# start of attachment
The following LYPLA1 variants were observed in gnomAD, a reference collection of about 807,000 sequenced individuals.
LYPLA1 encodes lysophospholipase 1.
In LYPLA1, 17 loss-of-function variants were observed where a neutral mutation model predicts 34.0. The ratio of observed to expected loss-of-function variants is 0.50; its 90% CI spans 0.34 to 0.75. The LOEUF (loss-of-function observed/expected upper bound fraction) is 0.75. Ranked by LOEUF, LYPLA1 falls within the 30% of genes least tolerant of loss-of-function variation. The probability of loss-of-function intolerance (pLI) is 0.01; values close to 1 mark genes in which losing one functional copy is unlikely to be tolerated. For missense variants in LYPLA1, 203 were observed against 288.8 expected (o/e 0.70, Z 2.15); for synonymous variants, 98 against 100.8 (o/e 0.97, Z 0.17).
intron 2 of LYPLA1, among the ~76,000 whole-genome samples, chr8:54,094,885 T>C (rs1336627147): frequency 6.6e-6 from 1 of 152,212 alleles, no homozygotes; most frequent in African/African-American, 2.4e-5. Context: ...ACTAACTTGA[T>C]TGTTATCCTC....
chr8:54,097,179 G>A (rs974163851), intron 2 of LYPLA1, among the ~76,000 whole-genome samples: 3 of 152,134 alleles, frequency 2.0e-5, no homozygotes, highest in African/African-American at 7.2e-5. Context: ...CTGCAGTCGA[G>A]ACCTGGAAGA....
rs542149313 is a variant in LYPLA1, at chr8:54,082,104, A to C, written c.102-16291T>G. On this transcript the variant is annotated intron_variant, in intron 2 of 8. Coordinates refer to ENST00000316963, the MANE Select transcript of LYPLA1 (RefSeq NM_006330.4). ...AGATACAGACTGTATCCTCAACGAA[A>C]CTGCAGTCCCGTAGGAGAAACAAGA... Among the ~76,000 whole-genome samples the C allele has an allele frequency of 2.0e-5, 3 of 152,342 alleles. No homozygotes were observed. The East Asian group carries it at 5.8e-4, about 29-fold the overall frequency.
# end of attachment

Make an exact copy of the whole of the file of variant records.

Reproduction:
The following LYPLA1 variants were observed in gnomAD, a reference collection of about 807,000 sequenced individuals.
LYPLA1 encodes lysophospholipase 1.
In LYPLA1, 17 loss-of-function variants were observed where a neutral mutation model predicts 34.0. The ratio of observed to expected loss-of-function variants is 0.50; its 90% CI spans 0.34 to 0.75. The LOEUF (loss-of-function observed/expected upper bound fraction) is 0.75. Ranked by LOEUF, LYPLA1 falls within the 30% of genes least tolerant of loss-of-function variation. The probability of loss-of-function intolerance (pLI) is 0.01; values close to 1 mark genes in which losing one functional copy is unlikely to be tolerated. For missense variants in LYPLA1, 203 were observed against 288.8 expected (o/e 0.70, Z 2.15); for synonymous variants, 98 against 100.8 (o/e 0.97, Z 0.17).
intron 2 of LYPLA1, among the ~76,000 whole-genome samples, chr8:54,094,885 T>C (rs1336627147): frequency 6.6e-6 from 1 of 152,212 alleles, no homozygotes; most frequent in African/African-American, 2.4e-5. Context: ...ACTAACTTGA[T>C]TGTTATCCTC....
chr8:54,097,179 G>A (rs974163851), intron 2 of LYPLA1, among the ~76,000 whole-genome samples: 3 of 152,134 alleles, frequency 2.0e-5, no homozygotes, highest in African/African-American at 7.2e-5. Context: ...CTGCAGTCGA[G>A]ACCTGGAAGA....
rs542149313 is a variant in LYPLA1, at chr8:54,082,104, A to C, written c.102-16291T>G. On this transcript the variant is annotated intron_variant, in intron 2 of 8. Coordinates refer to ENST00000316963, the MANE Select transcript of LYPLA1 (RefSeq NM_006330.4). ...AGATACAGACTGTATCCTCAACGAA[A>C]CTGCAGTCCCGTAGGAGAAACAAGA... Among the ~76,000 whole-genome samples the C allele has an allele frequency of 2.0e-5, 3 of 152,342 alleles. No homozygotes were observed. The East Asian group carries it at 5.8e-4, about 29-fold the overall frequency.